Times Have ChangedJust a few years ago, the learn-to-fly segment of general aviation was in desperate straits. There was a steep decline in the number of students; flight schools closed right and left; and there was much weeping, wailing, and gnashing of teeth. AOPA's Project Pilot was born to help reverse the downward spiral. Among other efforts, we produced a video, Successful Strategies to Land and Retain New Students, in which I played the role of scriptwriter and narrator.
Today the sun shines more brightly on the world of flight training. Students seem to be coming out of the woodwork, and many schools currently bemoan what is seen as a shortage of CFIs. There seems to be no doubt that Project Pilot and other industry programs, such as Be A Pilot, have helped to create this brave new world. Everyone involved can take justifiable pride in reversing the trend.
Back in the bad old days, we urged CFIs and schools to aggressively seek out new students. So, what should you be doing these days? Does the relative boom mean that we can cancel all marketing efforts, revel in our newfound prosperity, and let the good times roll?
Not by a long shot. We should, indeed, keep on marketing. But we can do it in a much more enjoyable and profitable way.
When we didn't have students, we had to find them. We had to market and sell, shall we say, off of the airport. Now that we have students, we can work smarter, with less stress, and more profitably. We can help our current students replace themselves by helping them find more people just like themselves-people who want to fly.
Never forget that a current happy customer is the best way to find a new happy customer.
Give your current students every opportunity to bring in new student prospects. Give students intro-ride coupons to give to their friends. En-courage them to bring their girlfriends, boyfriends, and spouses to the airport. Tell them to bring a friend to ground school. Remind them that for just a few extra dollars they can take a lesson in a Cessna 172 instead of a Cessna 152, and take a friend along for the ride. (Use your head on this. Stall practice is not the experience to share with a prospective student trapped in the back seat.)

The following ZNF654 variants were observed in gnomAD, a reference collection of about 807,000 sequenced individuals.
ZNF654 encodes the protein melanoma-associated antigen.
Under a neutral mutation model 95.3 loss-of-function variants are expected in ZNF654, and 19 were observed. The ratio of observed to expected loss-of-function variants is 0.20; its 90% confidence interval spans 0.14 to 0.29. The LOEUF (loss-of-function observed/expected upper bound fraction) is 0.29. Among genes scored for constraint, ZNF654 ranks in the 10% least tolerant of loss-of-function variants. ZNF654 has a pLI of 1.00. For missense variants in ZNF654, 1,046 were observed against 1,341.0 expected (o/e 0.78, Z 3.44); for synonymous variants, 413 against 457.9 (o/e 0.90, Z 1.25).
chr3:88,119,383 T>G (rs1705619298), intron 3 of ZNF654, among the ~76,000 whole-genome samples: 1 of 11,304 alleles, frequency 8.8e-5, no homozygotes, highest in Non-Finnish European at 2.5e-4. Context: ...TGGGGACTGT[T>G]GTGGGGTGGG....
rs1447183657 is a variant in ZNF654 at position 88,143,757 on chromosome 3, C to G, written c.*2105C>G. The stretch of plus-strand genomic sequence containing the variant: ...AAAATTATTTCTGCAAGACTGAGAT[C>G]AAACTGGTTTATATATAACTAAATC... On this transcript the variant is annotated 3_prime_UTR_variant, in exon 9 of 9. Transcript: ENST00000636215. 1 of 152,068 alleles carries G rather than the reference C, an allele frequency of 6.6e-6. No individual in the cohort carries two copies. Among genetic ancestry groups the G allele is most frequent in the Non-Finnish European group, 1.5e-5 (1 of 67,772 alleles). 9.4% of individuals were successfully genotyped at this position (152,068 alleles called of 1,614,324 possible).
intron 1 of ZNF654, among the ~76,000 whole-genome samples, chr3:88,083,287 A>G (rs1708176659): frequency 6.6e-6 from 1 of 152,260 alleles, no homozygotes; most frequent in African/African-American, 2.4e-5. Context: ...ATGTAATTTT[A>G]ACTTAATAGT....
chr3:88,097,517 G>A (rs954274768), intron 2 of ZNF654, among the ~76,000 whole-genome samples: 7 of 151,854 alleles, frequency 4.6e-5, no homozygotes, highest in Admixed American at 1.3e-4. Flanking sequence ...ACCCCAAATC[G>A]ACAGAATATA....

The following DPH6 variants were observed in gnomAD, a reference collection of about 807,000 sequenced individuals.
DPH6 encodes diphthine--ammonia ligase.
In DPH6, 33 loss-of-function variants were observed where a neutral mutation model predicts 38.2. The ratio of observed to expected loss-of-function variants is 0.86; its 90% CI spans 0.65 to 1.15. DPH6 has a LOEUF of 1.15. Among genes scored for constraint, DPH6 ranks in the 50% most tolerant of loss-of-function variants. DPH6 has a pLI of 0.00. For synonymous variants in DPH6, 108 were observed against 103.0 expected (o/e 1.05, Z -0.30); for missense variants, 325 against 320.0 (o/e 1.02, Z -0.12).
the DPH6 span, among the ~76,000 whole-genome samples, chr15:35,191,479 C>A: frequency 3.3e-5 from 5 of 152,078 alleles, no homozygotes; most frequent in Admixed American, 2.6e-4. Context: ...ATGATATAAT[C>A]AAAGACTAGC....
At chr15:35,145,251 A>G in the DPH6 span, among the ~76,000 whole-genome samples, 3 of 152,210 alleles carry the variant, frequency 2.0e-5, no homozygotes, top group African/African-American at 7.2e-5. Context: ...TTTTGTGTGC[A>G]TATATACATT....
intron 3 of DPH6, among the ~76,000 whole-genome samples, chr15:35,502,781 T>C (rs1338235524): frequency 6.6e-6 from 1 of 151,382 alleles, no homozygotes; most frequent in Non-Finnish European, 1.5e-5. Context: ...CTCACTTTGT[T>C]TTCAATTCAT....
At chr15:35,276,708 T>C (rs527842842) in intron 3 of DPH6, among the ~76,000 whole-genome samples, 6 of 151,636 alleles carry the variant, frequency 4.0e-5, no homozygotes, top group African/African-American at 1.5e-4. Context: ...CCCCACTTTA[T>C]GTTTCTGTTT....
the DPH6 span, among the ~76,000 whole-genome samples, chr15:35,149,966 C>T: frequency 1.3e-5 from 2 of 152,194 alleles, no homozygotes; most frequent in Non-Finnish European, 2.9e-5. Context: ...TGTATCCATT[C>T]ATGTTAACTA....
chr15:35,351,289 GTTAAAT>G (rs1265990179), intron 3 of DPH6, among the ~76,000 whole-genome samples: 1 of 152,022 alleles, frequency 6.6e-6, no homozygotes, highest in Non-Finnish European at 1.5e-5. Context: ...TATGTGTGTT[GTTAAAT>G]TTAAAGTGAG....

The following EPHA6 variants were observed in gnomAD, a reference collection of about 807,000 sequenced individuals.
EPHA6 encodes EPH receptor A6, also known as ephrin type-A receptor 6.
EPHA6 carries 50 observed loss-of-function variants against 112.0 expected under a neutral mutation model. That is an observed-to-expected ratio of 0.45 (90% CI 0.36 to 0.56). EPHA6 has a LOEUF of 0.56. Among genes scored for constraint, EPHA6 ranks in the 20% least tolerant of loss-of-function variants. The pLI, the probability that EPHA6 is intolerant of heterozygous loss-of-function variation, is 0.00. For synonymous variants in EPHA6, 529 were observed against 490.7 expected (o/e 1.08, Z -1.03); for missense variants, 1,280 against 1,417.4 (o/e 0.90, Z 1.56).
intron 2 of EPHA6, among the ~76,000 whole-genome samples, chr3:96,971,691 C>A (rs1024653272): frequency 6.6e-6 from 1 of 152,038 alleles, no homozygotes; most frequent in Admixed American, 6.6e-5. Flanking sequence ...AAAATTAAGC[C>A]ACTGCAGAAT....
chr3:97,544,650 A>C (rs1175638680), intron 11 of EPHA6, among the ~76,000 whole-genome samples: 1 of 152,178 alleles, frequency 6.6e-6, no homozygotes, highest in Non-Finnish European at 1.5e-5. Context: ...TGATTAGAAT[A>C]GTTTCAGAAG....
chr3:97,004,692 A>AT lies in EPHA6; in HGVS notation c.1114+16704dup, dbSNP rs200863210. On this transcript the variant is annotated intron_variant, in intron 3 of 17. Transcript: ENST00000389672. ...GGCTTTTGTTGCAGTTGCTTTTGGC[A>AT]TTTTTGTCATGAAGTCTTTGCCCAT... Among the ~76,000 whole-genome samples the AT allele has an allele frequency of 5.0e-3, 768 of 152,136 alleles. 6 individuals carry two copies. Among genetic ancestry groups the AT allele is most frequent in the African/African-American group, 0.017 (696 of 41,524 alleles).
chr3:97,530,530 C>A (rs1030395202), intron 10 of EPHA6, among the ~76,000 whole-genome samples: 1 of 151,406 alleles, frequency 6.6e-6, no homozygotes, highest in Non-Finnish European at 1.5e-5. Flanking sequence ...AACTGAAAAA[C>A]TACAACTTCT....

Throw an airport party, and let students bring friends. Ask your students if they know anyone who should be getting your learn-to-fly newsletter. Have an open house at the airport, and encourage students to pass out invitations to their friends.
You'll be amazed at the results. You may never have to sell to strangers again. The hardest thing about selling is gaining credibility-convincing people that you are worthy of their business. When your student recommends you to a friend, you don't have to establish credibility-you already have it. You can spend your time delivering a great product, and thus creating even more happy customers who will recommend even more new students. It is a wonderful spiral, and the more you do it, the easier it gets.
By Ralph Hood